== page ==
Elements of Art/Line
What is line?
In art, line is the continuous movement of a mark from dot to dot.
An identifiable path created by a point moving in space.
Examples of line usage:
Tughra of Sultan Suleiman the Magnificent
Leonardo Da Vinci's The Head of the Virgin in Three-Quarter View Facing Right
Francisco Goya's Plate 43 from 'Los Caprichos': The sleep of reason produces monsters
Lines of direction
The ability to manipulate a line includes suggesting its direction. There is no limit to a created line and below are the most common and basic types.
Horizontal lines generally travel from left to right and are relative to the horizon. In art, it often establishes a feeling of rest as well as develops a ground in space.
Vertical lines travel up and down; they're perpendicular to horizontal lines. They often emphasize height and, in art, leads the eye from bottom to top and vice versa.
Diagonal lines are angled and can either be an incline or decline slope. Artistically, they can be described as "unbalanced" and are considered neither horizontal nor vertical.
Patterns can be created by using any of these lines, especially combining them, and manipulating them to produce variations.
Lines of length
Lines can be short or long.
Short lines are lines that only extend for a short distance.
Long lines are lines that extend for a longer distance than a short line would.
Lines of thickness
The thickness or thinness of a line can be achieved by using different materials. A ballpoint pen will create a thinner line than a big marker. Thick and thin lines are used to express different meanings in the work being creative. Using both Thick and thin lines together helps pull together a more cohesive work of art.
Thick lines give the appearance of strength and allow a supportive quality to the lines around them. They tend to stand out and grab the eye's attention.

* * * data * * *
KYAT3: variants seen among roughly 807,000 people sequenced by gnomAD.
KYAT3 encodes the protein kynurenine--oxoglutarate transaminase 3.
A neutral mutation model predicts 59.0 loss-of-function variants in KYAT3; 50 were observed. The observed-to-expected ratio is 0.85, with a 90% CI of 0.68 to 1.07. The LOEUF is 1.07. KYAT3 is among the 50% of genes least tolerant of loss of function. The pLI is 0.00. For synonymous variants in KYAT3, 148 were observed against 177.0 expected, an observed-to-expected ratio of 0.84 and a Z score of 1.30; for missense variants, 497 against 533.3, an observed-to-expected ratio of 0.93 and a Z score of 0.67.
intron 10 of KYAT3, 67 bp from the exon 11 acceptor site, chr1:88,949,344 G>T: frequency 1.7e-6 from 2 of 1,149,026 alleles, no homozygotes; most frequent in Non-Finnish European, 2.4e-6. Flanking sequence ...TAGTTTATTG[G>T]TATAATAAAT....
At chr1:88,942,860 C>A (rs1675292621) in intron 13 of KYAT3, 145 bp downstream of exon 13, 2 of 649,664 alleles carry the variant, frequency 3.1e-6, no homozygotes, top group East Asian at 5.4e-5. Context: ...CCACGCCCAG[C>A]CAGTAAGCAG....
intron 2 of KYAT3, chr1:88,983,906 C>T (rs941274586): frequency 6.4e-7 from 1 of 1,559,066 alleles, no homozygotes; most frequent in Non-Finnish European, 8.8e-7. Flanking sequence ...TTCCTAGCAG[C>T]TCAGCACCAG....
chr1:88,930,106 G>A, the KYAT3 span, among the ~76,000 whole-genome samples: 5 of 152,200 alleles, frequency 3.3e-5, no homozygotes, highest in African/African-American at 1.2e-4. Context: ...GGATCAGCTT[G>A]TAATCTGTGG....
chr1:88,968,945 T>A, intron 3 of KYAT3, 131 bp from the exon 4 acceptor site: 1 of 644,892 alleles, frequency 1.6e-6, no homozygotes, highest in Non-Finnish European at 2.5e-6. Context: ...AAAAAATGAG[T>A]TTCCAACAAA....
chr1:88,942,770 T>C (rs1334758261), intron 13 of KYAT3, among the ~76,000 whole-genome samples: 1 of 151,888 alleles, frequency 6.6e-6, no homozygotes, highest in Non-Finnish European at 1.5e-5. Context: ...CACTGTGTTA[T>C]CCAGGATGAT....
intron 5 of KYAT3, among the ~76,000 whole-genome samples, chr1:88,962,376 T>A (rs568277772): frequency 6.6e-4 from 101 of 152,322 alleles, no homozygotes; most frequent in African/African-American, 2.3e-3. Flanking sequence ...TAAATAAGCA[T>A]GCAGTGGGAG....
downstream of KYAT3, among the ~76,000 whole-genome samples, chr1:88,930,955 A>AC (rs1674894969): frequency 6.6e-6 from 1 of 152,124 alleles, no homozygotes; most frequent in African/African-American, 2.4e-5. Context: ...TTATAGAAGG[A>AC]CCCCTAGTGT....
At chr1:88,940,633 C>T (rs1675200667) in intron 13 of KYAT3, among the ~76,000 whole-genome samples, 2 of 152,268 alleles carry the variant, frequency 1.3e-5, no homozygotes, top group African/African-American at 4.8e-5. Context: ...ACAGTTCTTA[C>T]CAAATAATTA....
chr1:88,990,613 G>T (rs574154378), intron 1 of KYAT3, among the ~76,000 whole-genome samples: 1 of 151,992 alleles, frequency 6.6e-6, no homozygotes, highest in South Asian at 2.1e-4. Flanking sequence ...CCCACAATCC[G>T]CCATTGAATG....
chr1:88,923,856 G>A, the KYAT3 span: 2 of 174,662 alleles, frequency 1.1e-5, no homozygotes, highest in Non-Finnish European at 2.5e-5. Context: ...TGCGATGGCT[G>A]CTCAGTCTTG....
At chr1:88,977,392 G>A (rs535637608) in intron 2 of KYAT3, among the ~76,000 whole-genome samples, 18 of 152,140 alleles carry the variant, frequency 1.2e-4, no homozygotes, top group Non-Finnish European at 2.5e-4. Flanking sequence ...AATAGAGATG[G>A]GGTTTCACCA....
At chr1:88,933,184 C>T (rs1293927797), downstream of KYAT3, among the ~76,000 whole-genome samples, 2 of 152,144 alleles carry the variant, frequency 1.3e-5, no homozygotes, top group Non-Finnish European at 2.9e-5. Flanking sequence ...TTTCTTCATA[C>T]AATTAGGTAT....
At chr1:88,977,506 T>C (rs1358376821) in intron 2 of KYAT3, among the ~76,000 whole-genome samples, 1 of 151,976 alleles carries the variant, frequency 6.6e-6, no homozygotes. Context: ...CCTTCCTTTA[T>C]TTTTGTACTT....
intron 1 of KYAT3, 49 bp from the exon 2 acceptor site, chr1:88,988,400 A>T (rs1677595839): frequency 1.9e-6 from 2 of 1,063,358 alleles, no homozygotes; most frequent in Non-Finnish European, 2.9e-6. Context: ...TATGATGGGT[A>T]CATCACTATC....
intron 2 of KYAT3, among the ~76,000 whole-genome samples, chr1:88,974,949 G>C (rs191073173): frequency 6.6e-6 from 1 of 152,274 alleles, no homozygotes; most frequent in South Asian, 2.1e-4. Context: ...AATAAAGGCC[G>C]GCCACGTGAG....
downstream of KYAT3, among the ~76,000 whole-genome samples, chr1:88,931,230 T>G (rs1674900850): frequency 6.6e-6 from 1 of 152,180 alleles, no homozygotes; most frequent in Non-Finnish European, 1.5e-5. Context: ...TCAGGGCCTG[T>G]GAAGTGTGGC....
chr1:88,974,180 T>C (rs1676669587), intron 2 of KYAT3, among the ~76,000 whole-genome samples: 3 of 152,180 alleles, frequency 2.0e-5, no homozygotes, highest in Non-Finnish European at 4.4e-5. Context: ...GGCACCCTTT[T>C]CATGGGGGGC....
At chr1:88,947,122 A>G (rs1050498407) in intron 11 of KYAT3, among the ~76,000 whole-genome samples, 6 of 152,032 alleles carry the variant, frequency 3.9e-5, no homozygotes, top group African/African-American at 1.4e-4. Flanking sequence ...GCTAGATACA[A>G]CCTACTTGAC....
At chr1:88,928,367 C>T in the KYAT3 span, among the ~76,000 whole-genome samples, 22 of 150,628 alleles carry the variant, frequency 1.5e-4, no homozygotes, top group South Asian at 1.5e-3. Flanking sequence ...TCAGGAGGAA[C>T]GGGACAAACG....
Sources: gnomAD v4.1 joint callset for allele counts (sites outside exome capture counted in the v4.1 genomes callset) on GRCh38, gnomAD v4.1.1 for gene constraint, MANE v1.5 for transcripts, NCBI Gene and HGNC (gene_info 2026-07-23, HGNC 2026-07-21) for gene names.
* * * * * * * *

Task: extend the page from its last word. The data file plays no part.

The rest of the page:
Thin lines appear frail as if they can break under the slightest pressure. Thin lines give the piece a sense of elegance and lightness.
Putting lines together
There are many ways to put lines together.
One of the simplest is to join a horizontal and a vertical line. A square is two horizontal lines and two vertical lines.
Many lines can be put together to make a shading effect. An example of this is cross-hatching, where many small horizontal lines are put over many small vertical lines. This gives a realistic effect.
Putting curved lines together can create organic shapes unlike the vertical and horizontal lines which create a point.
Effect of lines
Line creates movement and emotion in an artwork.
Lines of movement
Lines can often give an artwork a sense of movement. For example, organic lines can create a sense of flowing movement, while geometric line can create a rigid feel or no movement in an artwork. Implied line can aid in guiding the viewers eye around an artwork, this is a form of movement in itself. The viewers eyes are moved by the implied line around the artwork. Repeated lines can create a vibration movement in an artwork.
An example of implied line moving a viewer through an artwork can be seen in Raphael Sanzio's 'School of Athens'. The structure if the building create lines that unconsciously force the viewer to move through the painting and eventually to the focal point, the two men in the middle of the painting. As you can see there are 'lines' all leading to the direction of these men.
Lines of emotion
There are a variety of different lines in art that all protrude some form of emotions. Organic, wavy lines create a mood of peacefulness and are softer on the viewer. While straight lines can have more harsh emotion for example power or anger. Vertical lines can also depict the same more hard emotions. Horizontal line are more peaceful than vertical lines. Diagonal lines create a sense of motion.
An example of line protruding emotion can be seen in Van Gogh's 'Wheat field with Cypresses' The horizontal, curvy lines, created by the landscape and Van Gogh's visible brush strokes, sets the mood of the painting. The line creates a sense of calmness and tranquility.